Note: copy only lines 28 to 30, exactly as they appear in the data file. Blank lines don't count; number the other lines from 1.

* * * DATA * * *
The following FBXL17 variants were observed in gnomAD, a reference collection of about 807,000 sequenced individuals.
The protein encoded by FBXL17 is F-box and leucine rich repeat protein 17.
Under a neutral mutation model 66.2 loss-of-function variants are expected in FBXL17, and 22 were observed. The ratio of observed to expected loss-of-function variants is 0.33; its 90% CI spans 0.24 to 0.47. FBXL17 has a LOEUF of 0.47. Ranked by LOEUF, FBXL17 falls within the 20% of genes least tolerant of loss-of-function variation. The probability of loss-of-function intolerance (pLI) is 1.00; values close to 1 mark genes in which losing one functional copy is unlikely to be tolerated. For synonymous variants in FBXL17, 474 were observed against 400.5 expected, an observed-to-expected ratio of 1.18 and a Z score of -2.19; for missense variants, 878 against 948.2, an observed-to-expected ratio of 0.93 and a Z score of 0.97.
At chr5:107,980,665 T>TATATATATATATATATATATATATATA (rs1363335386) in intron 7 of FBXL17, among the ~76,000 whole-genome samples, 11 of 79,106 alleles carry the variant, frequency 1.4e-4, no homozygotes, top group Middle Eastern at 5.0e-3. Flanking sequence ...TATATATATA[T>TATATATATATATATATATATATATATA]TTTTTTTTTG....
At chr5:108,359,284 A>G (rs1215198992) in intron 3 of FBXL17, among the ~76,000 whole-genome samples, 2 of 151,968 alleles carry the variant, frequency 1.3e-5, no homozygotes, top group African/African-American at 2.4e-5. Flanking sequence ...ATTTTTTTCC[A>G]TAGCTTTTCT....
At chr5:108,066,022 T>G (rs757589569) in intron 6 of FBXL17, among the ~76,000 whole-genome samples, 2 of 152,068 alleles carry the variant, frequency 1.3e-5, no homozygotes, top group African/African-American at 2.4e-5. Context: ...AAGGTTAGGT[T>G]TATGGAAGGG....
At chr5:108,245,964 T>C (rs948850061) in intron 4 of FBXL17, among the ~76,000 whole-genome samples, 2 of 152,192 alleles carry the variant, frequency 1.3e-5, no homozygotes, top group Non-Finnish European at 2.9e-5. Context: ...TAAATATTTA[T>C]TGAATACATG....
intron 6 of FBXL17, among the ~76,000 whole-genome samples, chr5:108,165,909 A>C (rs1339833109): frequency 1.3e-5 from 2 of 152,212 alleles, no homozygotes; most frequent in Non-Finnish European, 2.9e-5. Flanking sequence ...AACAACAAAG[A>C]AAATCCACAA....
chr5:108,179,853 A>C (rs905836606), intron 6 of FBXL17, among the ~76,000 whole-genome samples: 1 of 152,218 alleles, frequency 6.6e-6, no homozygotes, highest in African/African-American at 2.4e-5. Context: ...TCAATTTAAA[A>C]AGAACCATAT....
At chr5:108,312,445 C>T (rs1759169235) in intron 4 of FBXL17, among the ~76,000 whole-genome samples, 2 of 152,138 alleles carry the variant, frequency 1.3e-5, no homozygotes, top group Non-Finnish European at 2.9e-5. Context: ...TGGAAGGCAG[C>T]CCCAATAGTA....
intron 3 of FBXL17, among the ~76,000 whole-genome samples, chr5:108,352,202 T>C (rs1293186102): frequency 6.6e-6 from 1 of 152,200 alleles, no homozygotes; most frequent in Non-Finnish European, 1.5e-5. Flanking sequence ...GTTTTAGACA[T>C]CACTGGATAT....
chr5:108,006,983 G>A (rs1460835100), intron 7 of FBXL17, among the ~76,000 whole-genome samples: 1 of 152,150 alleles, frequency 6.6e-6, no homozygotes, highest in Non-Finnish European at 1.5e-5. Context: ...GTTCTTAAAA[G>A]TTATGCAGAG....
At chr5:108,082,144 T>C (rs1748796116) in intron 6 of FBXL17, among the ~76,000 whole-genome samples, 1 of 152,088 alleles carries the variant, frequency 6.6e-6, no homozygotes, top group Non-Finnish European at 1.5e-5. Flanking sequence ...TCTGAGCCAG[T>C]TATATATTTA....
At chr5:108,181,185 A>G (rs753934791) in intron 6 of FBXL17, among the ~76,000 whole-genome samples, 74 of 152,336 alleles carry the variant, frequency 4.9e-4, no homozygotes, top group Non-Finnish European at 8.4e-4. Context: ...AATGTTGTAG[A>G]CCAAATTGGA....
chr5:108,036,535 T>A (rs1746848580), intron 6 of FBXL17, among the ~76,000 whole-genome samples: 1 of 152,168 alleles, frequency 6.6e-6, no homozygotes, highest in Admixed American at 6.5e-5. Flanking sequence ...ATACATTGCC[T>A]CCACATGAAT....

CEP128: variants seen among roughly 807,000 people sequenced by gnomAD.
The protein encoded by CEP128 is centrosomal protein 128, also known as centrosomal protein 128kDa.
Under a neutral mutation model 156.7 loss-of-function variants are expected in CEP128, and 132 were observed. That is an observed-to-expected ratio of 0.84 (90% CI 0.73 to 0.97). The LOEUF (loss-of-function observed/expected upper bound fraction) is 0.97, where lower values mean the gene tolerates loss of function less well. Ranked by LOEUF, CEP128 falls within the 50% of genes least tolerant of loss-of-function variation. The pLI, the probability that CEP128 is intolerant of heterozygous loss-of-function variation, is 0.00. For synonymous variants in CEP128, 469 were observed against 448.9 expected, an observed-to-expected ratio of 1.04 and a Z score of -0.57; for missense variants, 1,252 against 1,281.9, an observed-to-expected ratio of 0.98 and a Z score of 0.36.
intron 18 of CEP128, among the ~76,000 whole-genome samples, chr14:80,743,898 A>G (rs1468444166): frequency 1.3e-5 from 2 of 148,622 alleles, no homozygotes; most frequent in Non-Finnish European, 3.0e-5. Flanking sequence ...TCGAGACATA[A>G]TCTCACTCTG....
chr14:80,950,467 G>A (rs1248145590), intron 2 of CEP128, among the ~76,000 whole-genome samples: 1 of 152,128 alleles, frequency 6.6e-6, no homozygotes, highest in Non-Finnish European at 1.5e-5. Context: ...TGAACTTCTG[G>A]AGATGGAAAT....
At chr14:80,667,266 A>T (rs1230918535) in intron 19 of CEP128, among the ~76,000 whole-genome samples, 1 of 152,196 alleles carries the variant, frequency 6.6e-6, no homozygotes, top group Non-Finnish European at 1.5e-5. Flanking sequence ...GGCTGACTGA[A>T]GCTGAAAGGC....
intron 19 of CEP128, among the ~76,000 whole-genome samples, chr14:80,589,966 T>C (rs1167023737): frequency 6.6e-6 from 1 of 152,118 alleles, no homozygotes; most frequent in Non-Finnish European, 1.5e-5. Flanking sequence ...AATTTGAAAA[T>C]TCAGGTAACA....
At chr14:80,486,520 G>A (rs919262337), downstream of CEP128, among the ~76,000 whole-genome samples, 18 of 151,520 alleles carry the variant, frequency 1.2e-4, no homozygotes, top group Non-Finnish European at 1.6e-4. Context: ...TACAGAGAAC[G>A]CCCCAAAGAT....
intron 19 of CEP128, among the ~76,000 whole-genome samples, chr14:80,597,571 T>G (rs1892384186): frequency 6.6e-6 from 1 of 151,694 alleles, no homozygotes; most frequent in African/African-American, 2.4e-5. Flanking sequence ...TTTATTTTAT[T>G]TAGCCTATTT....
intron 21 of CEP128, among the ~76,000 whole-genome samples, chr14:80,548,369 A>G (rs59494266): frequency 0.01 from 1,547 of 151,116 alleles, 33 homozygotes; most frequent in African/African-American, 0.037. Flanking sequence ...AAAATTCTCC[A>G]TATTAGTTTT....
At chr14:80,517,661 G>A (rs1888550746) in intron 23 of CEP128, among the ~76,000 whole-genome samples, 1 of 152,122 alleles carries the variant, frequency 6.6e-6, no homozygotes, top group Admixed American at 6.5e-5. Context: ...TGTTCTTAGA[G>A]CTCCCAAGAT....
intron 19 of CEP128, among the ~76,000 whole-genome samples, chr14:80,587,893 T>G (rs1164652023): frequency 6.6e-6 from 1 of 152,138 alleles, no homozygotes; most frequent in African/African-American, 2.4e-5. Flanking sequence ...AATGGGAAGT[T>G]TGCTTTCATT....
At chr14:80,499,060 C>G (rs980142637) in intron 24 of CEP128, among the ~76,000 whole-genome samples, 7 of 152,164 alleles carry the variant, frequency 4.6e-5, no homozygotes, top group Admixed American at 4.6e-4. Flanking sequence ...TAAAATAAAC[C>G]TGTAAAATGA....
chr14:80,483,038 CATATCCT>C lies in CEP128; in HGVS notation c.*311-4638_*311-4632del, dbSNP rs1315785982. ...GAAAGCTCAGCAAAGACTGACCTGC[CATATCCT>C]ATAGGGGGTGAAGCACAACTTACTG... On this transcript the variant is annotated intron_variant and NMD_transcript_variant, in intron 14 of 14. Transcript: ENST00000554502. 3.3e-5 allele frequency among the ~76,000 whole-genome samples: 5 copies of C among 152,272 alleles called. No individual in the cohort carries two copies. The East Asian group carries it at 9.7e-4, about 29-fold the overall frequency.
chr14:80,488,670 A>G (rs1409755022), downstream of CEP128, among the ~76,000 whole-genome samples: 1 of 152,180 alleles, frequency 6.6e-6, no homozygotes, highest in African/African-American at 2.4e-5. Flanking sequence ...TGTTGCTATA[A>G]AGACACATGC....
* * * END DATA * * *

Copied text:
At chr14:80,499,060 C>G (rs980142637) in intron 24 of CEP128, among the ~76,000 whole-genome samples, 7 of 152,164 alleles carry the variant, frequency 4.6e-5, no homozygotes, top group Admixed American at 4.6e-4. Flanking sequence ...TAAAATAAAC[C>G]TGTAAAATGA....
chr14:80,483,038 CATATCCT>C lies in CEP128; in HGVS notation c.*311-4638_*311-4632del, dbSNP rs1315785982. ...GAAAGCTCAGCAAAGACTGACCTGC[CATATCCT>C]ATAGGGGGTGAAGCACAACTTACTG... On this transcript the variant is annotated intron_variant and NMD_transcript_variant, in intron 14 of 14. Transcript: ENST00000554502. 3.3e-5 allele frequency among the ~76,000 whole-genome samples: 5 copies of C among 152,272 alleles called. No individual in the cohort carries two copies. The East Asian group carries it at 9.7e-4, about 29-fold the overall frequency.
chr14:80,488,670 A>G (rs1409755022), downstream of CEP128, among the ~76,000 whole-genome samples: 1 of 152,180 alleles, frequency 6.6e-6, no homozygotes, highest in African/African-American at 2.4e-5. Flanking sequence ...TGTTGCTATA[A>G]AGACACATGC....